Multimodal Metaphor, a study of multimodal discourse from a cognitive perspective, published in the middle of the 1990s, raised awareness of multimodal discourse. In Systematic Functional Linguistics by Halliday, Forceville claims that "all discourse elements are persuasive in nature as they aim at sorting of cognitive, emotional, or aesthetic consequences" (or all three together and typically coupled and establish verbal and mechanical communication). This theory emphasizes the perceptive nature of semiotic resources while ignoring the natural ones that are physically generated by and through the continual need to explain the changing language, especially in the modern digital environment. With this viewpoint in mind, academics like Van Leeuwen and Kress created the multimodal discourse analysis trademark in their works.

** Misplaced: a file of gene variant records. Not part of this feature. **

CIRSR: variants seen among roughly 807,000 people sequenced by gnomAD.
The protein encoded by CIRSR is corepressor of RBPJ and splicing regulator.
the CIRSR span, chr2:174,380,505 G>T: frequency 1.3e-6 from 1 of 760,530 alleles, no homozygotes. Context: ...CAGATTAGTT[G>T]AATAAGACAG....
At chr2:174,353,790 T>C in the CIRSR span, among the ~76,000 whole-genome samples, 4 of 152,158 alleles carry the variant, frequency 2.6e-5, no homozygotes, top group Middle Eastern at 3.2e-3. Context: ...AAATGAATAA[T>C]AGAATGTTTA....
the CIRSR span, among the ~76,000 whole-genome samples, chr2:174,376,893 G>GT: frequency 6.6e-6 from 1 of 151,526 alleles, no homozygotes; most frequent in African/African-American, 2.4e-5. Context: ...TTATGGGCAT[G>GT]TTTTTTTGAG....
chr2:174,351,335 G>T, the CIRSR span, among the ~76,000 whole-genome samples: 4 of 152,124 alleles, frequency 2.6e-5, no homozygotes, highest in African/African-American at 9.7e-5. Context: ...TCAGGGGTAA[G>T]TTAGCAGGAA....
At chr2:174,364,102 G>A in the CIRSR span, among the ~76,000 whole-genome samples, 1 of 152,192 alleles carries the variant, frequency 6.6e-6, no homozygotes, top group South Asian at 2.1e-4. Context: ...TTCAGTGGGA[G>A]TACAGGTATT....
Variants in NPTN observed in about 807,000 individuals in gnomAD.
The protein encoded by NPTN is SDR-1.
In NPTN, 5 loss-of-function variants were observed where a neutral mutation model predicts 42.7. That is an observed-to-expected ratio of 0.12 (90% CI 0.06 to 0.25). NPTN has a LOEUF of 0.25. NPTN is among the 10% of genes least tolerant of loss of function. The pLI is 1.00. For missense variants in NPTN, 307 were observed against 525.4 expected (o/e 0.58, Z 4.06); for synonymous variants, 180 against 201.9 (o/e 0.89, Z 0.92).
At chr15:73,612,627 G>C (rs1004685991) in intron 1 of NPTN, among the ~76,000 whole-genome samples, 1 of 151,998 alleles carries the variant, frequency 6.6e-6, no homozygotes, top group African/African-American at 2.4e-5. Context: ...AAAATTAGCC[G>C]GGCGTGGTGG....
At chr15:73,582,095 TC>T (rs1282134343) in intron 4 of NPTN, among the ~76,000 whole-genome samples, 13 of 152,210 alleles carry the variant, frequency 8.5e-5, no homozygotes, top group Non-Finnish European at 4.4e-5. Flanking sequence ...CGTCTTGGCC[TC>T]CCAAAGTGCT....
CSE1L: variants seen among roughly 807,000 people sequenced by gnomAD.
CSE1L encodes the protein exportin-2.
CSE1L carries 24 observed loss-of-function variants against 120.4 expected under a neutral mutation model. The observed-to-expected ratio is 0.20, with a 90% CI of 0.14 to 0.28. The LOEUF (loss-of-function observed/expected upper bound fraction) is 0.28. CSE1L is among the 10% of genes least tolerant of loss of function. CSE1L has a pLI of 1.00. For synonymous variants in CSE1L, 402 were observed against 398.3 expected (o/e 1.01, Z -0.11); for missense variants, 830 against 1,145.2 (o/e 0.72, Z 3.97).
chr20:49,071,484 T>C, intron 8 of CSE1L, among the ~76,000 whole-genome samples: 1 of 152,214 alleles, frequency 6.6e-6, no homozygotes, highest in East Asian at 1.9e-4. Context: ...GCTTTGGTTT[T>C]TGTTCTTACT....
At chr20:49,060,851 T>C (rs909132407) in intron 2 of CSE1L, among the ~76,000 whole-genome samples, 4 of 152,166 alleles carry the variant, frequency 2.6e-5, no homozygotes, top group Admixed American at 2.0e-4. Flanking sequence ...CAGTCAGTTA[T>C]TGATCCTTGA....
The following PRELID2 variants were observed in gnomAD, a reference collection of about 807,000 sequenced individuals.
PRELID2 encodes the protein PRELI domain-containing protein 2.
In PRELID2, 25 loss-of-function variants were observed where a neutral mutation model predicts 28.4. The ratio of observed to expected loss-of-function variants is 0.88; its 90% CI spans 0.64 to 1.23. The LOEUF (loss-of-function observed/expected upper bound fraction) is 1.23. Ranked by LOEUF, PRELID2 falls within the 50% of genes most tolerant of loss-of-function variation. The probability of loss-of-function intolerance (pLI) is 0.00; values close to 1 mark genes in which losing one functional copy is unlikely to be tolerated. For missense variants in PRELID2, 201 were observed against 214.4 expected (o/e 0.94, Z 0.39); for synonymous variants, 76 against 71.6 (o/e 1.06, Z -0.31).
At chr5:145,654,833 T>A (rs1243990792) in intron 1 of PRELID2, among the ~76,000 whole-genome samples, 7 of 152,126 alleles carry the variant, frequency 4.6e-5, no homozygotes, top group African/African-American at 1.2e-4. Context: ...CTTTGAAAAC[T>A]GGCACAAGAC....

Kress and Van Leeuwen, (2006) have an approach for analyzing how multimodal resources, particularly texts, interact to create potential meanings. They both introduced what they called the "grammar of visual design" to describe how depicted fragments in texts are combined to generate cohesive wholes. The writers made a strong case for how "the visual component of a text is an independently ordered and structured message, connected to the vocal text but in no way dependent on it—and similarly the other way around.

The theoretical underpinnings of the "Grammar of Visual Design" are found in Halliday's functional grammar. According to Halliday (1994), language has three metafunctions: ideational, interpersonal, and textual. The use of language to convey a person's experience of the outside world is known as the metafunction of language, often referred to as the experiential function of language. It also looks at the functional elements of participant, process, and context. Ideational metafunction, in the words of Halliday (1985), is "the meaning in the sense of "content". To understand how visual elements "represent objects and their relations in a world".